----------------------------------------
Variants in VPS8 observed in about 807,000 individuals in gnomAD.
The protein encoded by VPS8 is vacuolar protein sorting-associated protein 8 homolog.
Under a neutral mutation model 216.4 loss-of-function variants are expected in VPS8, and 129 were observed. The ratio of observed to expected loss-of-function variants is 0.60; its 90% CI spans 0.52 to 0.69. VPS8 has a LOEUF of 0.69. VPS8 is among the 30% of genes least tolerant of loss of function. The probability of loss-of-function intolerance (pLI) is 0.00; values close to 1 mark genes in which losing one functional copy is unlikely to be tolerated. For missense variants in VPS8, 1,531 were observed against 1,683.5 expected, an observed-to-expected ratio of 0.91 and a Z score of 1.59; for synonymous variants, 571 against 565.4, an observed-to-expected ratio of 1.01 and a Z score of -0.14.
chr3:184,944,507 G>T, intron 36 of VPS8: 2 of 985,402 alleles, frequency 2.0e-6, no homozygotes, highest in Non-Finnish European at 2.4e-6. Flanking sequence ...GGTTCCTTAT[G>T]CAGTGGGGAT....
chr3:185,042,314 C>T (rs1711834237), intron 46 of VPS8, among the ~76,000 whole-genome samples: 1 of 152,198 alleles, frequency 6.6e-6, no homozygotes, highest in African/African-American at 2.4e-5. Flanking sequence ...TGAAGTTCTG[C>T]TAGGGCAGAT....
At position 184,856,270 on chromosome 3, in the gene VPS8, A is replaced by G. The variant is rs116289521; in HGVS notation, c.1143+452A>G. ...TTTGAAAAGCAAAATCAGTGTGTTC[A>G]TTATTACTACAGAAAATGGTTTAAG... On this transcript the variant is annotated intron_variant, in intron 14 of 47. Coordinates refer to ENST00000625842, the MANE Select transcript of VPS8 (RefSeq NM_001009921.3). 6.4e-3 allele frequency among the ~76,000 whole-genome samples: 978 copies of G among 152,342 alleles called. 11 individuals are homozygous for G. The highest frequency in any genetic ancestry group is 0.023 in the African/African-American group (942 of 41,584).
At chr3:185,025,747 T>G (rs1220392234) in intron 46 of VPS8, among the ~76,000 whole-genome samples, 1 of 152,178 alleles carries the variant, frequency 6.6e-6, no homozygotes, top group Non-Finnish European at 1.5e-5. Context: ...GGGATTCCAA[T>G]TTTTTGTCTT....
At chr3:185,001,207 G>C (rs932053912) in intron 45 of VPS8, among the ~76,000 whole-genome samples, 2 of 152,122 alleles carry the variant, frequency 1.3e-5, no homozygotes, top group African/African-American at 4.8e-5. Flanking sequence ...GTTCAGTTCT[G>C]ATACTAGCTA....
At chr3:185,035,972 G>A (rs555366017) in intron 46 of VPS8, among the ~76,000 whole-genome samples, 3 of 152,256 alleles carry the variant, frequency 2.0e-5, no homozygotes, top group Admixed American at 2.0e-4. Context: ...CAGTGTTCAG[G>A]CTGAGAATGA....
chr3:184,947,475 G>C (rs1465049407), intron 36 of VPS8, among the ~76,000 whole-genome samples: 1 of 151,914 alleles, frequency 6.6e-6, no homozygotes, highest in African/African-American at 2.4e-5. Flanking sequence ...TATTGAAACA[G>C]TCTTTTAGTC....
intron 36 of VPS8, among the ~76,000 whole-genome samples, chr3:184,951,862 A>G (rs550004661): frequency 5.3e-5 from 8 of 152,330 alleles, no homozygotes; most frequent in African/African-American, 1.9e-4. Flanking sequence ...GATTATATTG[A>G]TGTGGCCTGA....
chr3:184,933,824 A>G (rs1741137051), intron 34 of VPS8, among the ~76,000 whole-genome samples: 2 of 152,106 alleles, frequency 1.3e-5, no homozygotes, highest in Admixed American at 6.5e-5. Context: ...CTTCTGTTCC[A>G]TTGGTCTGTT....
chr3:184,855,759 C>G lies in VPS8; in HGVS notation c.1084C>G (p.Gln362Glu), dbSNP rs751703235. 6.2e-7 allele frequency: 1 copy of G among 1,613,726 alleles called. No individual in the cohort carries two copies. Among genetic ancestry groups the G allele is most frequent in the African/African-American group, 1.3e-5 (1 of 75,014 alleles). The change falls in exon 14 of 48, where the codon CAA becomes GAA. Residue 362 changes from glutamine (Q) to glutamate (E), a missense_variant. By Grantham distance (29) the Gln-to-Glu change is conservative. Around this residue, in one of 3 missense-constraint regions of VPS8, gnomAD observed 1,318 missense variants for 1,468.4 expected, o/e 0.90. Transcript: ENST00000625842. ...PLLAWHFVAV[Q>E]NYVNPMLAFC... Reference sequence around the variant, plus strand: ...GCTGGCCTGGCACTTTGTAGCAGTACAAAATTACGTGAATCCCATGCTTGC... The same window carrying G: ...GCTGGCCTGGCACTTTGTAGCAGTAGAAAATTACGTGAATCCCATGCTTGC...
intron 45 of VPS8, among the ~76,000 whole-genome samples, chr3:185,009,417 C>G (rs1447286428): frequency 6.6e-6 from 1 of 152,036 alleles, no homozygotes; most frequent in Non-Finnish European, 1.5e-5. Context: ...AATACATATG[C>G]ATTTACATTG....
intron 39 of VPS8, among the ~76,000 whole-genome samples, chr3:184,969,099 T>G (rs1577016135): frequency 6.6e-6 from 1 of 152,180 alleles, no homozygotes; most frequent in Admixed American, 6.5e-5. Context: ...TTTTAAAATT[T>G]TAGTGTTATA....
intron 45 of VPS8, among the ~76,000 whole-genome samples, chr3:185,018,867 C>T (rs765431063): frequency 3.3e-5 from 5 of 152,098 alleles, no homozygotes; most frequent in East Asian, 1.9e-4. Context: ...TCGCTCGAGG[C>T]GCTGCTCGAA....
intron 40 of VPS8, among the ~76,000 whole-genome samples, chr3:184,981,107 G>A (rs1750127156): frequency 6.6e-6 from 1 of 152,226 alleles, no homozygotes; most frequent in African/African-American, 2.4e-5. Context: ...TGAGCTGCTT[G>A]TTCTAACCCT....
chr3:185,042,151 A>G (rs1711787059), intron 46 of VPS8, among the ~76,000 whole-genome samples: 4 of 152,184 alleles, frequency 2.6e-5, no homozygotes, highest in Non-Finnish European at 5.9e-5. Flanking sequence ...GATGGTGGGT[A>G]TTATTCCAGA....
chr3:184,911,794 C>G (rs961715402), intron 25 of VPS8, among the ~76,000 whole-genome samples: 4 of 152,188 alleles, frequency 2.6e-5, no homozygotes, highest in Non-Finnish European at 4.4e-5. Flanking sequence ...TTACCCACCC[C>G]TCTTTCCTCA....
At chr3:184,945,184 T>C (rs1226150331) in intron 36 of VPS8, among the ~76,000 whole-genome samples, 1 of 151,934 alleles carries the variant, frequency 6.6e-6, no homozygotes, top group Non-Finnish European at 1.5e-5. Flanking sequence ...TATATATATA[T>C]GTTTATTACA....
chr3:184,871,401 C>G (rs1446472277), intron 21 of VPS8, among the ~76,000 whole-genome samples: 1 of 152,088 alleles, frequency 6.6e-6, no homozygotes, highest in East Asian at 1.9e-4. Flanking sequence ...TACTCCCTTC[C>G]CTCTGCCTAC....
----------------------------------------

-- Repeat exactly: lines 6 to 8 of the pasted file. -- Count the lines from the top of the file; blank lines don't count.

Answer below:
At position 184,856,270 on chromosome 3, in the gene VPS8, A is replaced by G. The variant is rs116289521; in HGVS notation, c.1143+452A>G. ...TTTGAAAAGCAAAATCAGTGTGTTC[A>G]TTATTACTACAGAAAATGGTTTAAG... On this transcript the variant is annotated intron_variant, in intron 14 of 47. Coordinates refer to ENST00000625842, the MANE Select transcript of VPS8 (RefSeq NM_001009921.3). 6.4e-3 allele frequency among the ~76,000 whole-genome samples: 978 copies of G among 152,342 alleles called. 11 individuals are homozygous for G. The highest frequency in any genetic ancestry group is 0.023 in the African/African-American group (942 of 41,584).
At chr3:185,025,747 T>G (rs1220392234) in intron 46 of VPS8, among the ~76,000 whole-genome samples, 1 of 152,178 alleles carries the variant, frequency 6.6e-6, no homozygotes, top group Non-Finnish European at 1.5e-5. Context: ...GGGATTCCAA[T>G]TTTTTGTCTT....
At chr3:185,001,207 G>C (rs932053912) in intron 45 of VPS8, among the ~76,000 whole-genome samples, 2 of 152,122 alleles carry the variant, frequency 1.3e-5, no homozygotes, top group African/African-American at 4.8e-5. Flanking sequence ...GTTCAGTTCT[G>C]ATACTAGCTA....